This story is over 5 years old.


Pink Dildos and Dead Birds Comment on Impending Environmental Crises

Portia Munson brings her color-drenched feminism and provocative artistry to a multimedia show at P.P.O.W. gallery.
The Garden, 1996-98, mixed media installation. All images courtesy the artist and P.P.O.W.

Feminist talismans — embodied by awareness-ribbon fridge magnets and so many dolls — flood a gallery, charging forth with a forceful repurposing of innocuous objects. The photorealist paintings and sensory-overload sculptures unite to form a visual collage with a strong feminist point of view. Portia Munson sculpts and paints her way to messages of the “fleeting nature of time, the fragility of life, the representation of women, and our cultural obsession with disposable things,” as stated in the show’s description. The Garden is a solo show from Munson, with the centric piece visualized as a feminine bedroom overflowing with found synthetic items, which evoke ideas of societal waste.


In a statement on her website, the artist describes the installation as “an artificial garden one can enter […] layered with recycled manufactured items representing flowers and creatures found in gardens and associated with women.”

Other pieces in the show include a hulking mass of items organized into the shape of a woman called Functional Women. The installation incorporates mass-produced objects that are directly related to femininity or strictly marketed towards female use.

The Garden, detail

Potpourri, 1996. Oil on linen, 16 1/4 x 18 1/4 in.

Wig, 2005. Oil on linene, 13 x 14 in.

Doll House Reliquary, 2012. Doll house and bones, 32 x 48 in.

Doll House Reliquary, alternate view

Connected to Water, 1993. Oil on linen, 14 x 12 in.

Empty, 2004. Oil on linen, 12 x 16 in. 

The Creators Project spoke with Munson about the concepts behind the aesthetics in The Garden:

The Creators Project: Frequently, found objects in art are deconstructed to take on a new meaning. What is your impetus to use everyday objects to form a new idea of feminism in the modern age?

Portia Munson: My use of found objects — objects that are made and marketed to us — when recontextualized in my work, reveals the way our culture subliminally and overtly manipulates our constructions of reality. Everyone is able to bring their own personal experience to these objects, and it makes them reflect on their own complicity with stereotyping. Functional Women, like a lot of my early work, has a renewed relevance with the Trump agenda as it reveals the way women were subjugated and objectified by items made for everyday use.

Your paintings portray new perspectives on female-oriented objects or items associated with girlishness. How do you go about choosing these objects and what sort of significance do a few of the objects have?


In the paintings, what I am trying to do is meditate on a singular object — like a doll, a vase, or perfume bottle — that is “girlish,” “innocent,” and “demeaning,” and through the act of painting, bring forth the real power of the feminized. So in the paintings, these simple subjects become mysterious, activated, and maybe even scary.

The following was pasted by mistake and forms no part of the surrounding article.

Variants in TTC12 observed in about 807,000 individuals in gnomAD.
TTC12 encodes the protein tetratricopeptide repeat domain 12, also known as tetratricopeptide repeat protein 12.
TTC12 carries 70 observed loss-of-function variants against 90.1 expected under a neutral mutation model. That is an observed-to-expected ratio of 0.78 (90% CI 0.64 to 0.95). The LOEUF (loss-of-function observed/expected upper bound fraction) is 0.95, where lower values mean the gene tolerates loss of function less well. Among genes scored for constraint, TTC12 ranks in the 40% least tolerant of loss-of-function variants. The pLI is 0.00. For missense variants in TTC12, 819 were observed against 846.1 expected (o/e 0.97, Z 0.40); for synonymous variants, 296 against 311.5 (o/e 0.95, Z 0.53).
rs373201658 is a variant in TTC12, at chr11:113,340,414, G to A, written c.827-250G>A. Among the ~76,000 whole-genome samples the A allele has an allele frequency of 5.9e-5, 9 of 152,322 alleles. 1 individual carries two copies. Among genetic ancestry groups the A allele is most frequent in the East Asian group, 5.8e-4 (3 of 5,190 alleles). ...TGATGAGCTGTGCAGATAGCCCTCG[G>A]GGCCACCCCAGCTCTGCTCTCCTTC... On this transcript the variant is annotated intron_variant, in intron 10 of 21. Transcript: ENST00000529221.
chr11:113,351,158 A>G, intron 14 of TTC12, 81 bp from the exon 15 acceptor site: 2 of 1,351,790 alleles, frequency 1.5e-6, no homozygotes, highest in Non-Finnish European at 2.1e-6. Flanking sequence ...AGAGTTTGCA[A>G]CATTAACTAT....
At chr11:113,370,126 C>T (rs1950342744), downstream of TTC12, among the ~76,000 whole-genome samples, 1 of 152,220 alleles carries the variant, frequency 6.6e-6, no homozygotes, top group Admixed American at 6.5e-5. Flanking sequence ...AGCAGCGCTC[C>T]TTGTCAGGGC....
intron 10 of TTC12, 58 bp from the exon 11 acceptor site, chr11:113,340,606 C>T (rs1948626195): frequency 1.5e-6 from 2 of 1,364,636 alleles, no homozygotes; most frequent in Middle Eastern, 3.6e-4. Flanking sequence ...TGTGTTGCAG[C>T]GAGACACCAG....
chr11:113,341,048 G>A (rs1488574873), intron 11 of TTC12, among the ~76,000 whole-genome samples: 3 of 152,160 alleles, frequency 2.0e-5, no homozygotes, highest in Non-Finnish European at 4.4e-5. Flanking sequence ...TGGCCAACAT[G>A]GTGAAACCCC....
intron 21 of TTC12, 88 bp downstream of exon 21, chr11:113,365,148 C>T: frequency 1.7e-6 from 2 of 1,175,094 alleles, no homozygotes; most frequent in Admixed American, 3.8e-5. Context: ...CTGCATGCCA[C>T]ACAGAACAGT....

Functional Women, 2016-ongoing. Found functional objects in the form of women, dresser and table, 69 x 40 x 25 in.

Anemone Bird, 2016. Pigmented ink jet print, 15 x 18 in, edition 1 of 5

Cardinal, 2016. Pigmented ink jet print, 

17 x 22 in, edition 2 of 5

Man Alone, 2000. Oil on linen, 16 x 16 in.

Out of the Blue, 2000. Oil on linen, 12 x 11 in.

I notice that some of your pieces play on overwhelming and packed compositions, while others concentrate on the starkness of few objects that allow the emptiness to speak for itself. How do you go about establishing balance in your artwork?

I like to move between different ways of working — it is also dictated by what I want to say. So balance is achieved organically — it isn’t something I plan out.

What are your thoughts on humanity’s impact on the natural world? Do you believe technology, in all its contrasts to nature, can help right some of the wrongs humans have left behind?

Devastating and incredibly sad, disrespectful: these are the first words that come to mind. I personally think the destruction of the environment is an outcome of monotheistic religions that put a male figure above everything else, and over time this has had a trickle-down, devastating effect on the environment. Humans see nature as something separate from us rather than humanity being a part of it and have therefore lost their respect for nature and have exploited natural resources to a point of, perhaps, no return. It feels like there is a way for people to become educated quickly through technology. I guess there is a certain amount of hope.


Bunny Ears, 2000. Oil on linen, 9 x 11 in.

Dolphin Hairclip Under Glass, 1992. Oil on linen, 8 x 8 in.

Flower, 1999. Oil on linen, 9 x 9 in.

To see more from Portia Munson, visit her website, here and Instagram, here. The Garden shows at P.P.O.W. Gallery in New York from January 12–February 11, 2017. Find more information, here.


These Vagina Watercolors Ooze Energy and Freedom

Latina Photo Collective Sets Its Own Beauty Ideals with an Original Calendar

‘Nasty Women’ PJs Are the Perfect Art Basel Souvenir